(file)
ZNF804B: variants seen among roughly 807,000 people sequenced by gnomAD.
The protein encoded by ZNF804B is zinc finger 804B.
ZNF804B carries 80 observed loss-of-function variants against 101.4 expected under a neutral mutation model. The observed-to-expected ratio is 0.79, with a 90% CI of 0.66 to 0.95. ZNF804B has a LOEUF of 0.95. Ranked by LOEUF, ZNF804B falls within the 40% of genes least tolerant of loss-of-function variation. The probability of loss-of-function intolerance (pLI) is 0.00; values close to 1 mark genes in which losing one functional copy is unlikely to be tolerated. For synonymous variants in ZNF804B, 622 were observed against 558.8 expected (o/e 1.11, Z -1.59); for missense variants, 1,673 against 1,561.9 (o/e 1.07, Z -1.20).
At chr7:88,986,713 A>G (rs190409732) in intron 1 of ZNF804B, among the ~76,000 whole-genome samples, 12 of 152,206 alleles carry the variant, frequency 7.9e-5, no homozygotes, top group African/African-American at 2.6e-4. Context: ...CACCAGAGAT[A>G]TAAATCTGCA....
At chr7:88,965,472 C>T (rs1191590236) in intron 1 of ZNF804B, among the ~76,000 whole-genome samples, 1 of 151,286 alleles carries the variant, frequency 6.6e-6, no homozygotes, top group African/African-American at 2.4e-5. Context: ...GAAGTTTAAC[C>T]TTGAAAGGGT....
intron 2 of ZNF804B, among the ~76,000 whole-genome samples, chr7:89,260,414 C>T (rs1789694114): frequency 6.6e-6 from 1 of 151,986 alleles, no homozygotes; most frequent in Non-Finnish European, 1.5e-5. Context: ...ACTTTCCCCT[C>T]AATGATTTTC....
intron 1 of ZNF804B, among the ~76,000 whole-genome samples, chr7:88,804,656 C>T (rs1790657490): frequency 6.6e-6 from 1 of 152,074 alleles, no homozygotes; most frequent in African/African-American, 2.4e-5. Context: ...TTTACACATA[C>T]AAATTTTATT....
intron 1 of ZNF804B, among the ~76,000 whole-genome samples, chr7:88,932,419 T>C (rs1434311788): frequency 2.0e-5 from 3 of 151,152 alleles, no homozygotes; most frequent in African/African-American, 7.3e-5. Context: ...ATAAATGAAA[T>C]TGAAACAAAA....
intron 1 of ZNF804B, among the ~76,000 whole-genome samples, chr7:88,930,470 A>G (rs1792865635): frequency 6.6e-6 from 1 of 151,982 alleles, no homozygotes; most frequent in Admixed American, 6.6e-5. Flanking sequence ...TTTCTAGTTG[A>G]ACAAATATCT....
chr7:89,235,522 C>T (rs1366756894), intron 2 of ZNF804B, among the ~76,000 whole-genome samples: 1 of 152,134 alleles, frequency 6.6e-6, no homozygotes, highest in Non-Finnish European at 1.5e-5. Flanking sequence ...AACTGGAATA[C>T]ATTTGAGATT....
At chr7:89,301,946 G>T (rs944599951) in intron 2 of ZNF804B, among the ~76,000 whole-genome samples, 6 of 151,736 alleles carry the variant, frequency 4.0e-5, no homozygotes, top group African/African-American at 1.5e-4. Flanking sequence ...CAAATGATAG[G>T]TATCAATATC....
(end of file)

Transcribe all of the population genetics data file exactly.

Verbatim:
ZNF804B: variants seen among roughly 807,000 people sequenced by gnomAD.
The protein encoded by ZNF804B is zinc finger 804B.
ZNF804B carries 80 observed loss-of-function variants against 101.4 expected under a neutral mutation model. The observed-to-expected ratio is 0.79, with a 90% CI of 0.66 to 0.95. ZNF804B has a LOEUF of 0.95. Ranked by LOEUF, ZNF804B falls within the 40% of genes least tolerant of loss-of-function variation. The probability of loss-of-function intolerance (pLI) is 0.00; values close to 1 mark genes in which losing one functional copy is unlikely to be tolerated. For synonymous variants in ZNF804B, 622 were observed against 558.8 expected (o/e 1.11, Z -1.59); for missense variants, 1,673 against 1,561.9 (o/e 1.07, Z -1.20).
At chr7:88,986,713 A>G (rs190409732) in intron 1 of ZNF804B, among the ~76,000 whole-genome samples, 12 of 152,206 alleles carry the variant, frequency 7.9e-5, no homozygotes, top group African/African-American at 2.6e-4. Context: ...CACCAGAGAT[A>G]TAAATCTGCA....
At chr7:88,965,472 C>T (rs1191590236) in intron 1 of ZNF804B, among the ~76,000 whole-genome samples, 1 of 151,286 alleles carries the variant, frequency 6.6e-6, no homozygotes, top group African/African-American at 2.4e-5. Context: ...GAAGTTTAAC[C>T]TTGAAAGGGT....
intron 2 of ZNF804B, among the ~76,000 whole-genome samples, chr7:89,260,414 C>T (rs1789694114): frequency 6.6e-6 from 1 of 151,986 alleles, no homozygotes; most frequent in Non-Finnish European, 1.5e-5. Context: ...ACTTTCCCCT[C>T]AATGATTTTC....
intron 1 of ZNF804B, among the ~76,000 whole-genome samples, chr7:88,804,656 C>T (rs1790657490): frequency 6.6e-6 from 1 of 152,074 alleles, no homozygotes; most frequent in African/African-American, 2.4e-5. Context: ...TTTACACATA[C>T]AAATTTTATT....
intron 1 of ZNF804B, among the ~76,000 whole-genome samples, chr7:88,932,419 T>C (rs1434311788): frequency 2.0e-5 from 3 of 151,152 alleles, no homozygotes; most frequent in African/African-American, 7.3e-5. Context: ...ATAAATGAAA[T>C]TGAAACAAAA....
intron 1 of ZNF804B, among the ~76,000 whole-genome samples, chr7:88,930,470 A>G (rs1792865635): frequency 6.6e-6 from 1 of 151,982 alleles, no homozygotes; most frequent in Admixed American, 6.6e-5. Flanking sequence ...TTTCTAGTTG[A>G]ACAAATATCT....
chr7:89,235,522 C>T (rs1366756894), intron 2 of ZNF804B, among the ~76,000 whole-genome samples: 1 of 152,134 alleles, frequency 6.6e-6, no homozygotes, highest in Non-Finnish European at 1.5e-5. Flanking sequence ...AACTGGAATA[C>T]ATTTGAGATT....
At chr7:89,301,946 G>T (rs944599951) in intron 2 of ZNF804B, among the ~76,000 whole-genome samples, 6 of 151,736 alleles carry the variant, frequency 4.0e-5, no homozygotes, top group African/African-American at 1.5e-4. Flanking sequence ...CAAATGATAG[G>T]TATCAATATC....